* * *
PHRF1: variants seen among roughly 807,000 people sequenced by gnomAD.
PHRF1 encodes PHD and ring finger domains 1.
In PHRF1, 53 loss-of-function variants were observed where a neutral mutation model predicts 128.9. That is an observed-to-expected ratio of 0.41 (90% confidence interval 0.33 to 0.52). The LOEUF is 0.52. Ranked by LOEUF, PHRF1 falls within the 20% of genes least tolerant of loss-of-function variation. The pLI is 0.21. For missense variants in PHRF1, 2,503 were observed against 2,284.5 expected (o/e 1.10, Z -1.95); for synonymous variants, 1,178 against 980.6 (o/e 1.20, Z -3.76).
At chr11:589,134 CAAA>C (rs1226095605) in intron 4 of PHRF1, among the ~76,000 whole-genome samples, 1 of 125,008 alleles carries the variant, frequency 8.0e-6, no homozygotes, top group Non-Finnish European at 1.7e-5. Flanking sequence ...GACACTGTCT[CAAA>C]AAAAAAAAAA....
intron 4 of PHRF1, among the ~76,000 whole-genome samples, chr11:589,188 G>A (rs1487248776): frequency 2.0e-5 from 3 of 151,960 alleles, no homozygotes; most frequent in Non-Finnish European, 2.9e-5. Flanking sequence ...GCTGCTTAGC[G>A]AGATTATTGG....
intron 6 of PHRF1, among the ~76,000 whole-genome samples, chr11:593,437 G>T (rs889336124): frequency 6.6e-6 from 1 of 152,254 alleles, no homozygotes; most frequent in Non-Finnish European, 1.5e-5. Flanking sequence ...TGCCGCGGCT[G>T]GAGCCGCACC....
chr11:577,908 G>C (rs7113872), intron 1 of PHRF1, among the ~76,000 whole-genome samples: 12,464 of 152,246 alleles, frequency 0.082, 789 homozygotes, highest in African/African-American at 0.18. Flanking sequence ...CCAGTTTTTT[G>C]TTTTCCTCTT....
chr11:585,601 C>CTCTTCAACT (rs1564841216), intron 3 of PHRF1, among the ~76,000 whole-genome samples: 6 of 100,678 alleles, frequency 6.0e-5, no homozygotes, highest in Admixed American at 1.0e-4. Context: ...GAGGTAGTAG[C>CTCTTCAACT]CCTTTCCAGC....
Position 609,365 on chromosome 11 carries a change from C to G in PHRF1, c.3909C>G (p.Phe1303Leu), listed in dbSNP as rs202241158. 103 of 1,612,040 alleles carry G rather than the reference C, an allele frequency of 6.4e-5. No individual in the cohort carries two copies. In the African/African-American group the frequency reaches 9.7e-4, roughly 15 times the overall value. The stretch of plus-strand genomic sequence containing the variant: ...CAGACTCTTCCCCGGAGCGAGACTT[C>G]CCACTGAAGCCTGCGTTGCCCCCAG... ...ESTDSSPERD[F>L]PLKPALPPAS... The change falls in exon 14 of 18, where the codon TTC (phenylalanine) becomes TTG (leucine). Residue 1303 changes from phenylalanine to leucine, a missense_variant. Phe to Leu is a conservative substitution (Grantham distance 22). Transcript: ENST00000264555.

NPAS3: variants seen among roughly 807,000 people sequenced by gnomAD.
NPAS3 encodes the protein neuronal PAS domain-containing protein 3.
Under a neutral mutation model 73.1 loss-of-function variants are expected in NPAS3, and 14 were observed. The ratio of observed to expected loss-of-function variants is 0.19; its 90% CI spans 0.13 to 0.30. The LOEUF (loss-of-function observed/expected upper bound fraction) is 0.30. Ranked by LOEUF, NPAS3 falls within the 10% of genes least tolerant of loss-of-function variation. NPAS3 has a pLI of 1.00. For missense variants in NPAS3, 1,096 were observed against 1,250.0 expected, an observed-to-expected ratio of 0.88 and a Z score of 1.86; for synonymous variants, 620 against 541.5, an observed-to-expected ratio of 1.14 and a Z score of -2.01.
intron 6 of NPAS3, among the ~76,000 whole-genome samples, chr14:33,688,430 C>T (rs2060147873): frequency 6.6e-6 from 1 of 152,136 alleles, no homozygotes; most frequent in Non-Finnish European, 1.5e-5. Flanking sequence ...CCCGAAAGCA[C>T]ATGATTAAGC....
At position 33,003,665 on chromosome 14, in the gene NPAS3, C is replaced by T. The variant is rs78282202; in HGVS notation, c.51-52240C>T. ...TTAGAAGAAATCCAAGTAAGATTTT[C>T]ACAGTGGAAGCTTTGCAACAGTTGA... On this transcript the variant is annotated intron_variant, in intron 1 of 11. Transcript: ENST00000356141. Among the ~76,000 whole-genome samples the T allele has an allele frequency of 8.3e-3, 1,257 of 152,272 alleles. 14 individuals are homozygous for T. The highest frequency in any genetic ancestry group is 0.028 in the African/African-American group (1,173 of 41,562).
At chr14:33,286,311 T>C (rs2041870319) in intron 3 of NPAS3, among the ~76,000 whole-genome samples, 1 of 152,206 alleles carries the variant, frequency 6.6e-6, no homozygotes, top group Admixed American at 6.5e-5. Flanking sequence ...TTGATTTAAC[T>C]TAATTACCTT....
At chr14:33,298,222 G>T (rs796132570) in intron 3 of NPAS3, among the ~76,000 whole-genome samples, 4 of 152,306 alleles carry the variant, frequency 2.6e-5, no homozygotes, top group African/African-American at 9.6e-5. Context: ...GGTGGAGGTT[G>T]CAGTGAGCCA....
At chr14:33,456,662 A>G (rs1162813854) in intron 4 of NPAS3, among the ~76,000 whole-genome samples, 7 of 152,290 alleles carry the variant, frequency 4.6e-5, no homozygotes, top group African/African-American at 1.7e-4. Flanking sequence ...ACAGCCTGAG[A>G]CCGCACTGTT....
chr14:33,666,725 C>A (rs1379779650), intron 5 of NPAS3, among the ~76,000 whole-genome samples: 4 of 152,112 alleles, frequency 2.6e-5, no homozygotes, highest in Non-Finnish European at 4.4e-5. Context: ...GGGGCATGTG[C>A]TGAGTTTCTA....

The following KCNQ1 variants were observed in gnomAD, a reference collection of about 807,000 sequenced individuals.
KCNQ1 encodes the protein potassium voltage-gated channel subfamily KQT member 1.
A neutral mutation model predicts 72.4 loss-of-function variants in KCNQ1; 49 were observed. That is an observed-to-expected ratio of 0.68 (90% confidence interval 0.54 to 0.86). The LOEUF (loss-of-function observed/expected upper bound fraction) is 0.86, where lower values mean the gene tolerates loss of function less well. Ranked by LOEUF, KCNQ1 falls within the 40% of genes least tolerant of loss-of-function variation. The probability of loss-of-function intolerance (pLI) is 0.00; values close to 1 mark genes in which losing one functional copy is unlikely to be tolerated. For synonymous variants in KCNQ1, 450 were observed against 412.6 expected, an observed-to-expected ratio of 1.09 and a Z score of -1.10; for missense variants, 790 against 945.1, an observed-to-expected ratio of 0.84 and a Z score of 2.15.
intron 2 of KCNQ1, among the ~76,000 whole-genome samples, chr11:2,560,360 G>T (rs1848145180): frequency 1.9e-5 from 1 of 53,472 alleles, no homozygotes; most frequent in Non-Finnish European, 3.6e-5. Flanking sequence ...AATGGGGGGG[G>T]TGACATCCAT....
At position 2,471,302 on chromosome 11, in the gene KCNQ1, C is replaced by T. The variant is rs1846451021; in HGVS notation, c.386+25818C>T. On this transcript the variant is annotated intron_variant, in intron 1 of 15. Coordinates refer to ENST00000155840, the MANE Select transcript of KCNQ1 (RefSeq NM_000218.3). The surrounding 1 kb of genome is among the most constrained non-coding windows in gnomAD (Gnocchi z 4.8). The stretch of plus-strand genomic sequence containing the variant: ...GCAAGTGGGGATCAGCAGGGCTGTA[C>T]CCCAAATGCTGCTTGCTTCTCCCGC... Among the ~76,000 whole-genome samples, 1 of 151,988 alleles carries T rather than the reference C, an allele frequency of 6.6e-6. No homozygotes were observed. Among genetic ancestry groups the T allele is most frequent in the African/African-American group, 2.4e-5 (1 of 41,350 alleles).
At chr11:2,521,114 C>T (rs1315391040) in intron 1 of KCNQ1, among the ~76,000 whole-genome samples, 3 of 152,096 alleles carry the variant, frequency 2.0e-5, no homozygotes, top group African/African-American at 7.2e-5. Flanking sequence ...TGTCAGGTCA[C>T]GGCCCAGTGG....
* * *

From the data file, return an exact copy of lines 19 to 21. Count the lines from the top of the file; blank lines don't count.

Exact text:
The following KCNQ1 variants were observed in gnomAD, a reference collection of about 807,000 sequenced individuals.
KCNQ1 encodes the protein potassium voltage-gated channel subfamily KQT member 1.
A neutral mutation model predicts 72.4 loss-of-function variants in KCNQ1; 49 were observed. That is an observed-to-expected ratio of 0.68 (90% confidence interval 0.54 to 0.86). The LOEUF (loss-of-function observed/expected upper bound fraction) is 0.86, where lower values mean the gene tolerates loss of function less well. Ranked by LOEUF, KCNQ1 falls within the 40% of genes least tolerant of loss-of-function variation. The probability of loss-of-function intolerance (pLI) is 0.00; values close to 1 mark genes in which losing one functional copy is unlikely to be tolerated. For synonymous variants in KCNQ1, 450 were observed against 412.6 expected, an observed-to-expected ratio of 1.09 and a Z score of -1.10; for missense variants, 790 against 945.1, an observed-to-expected ratio of 0.84 and a Z score of 2.15.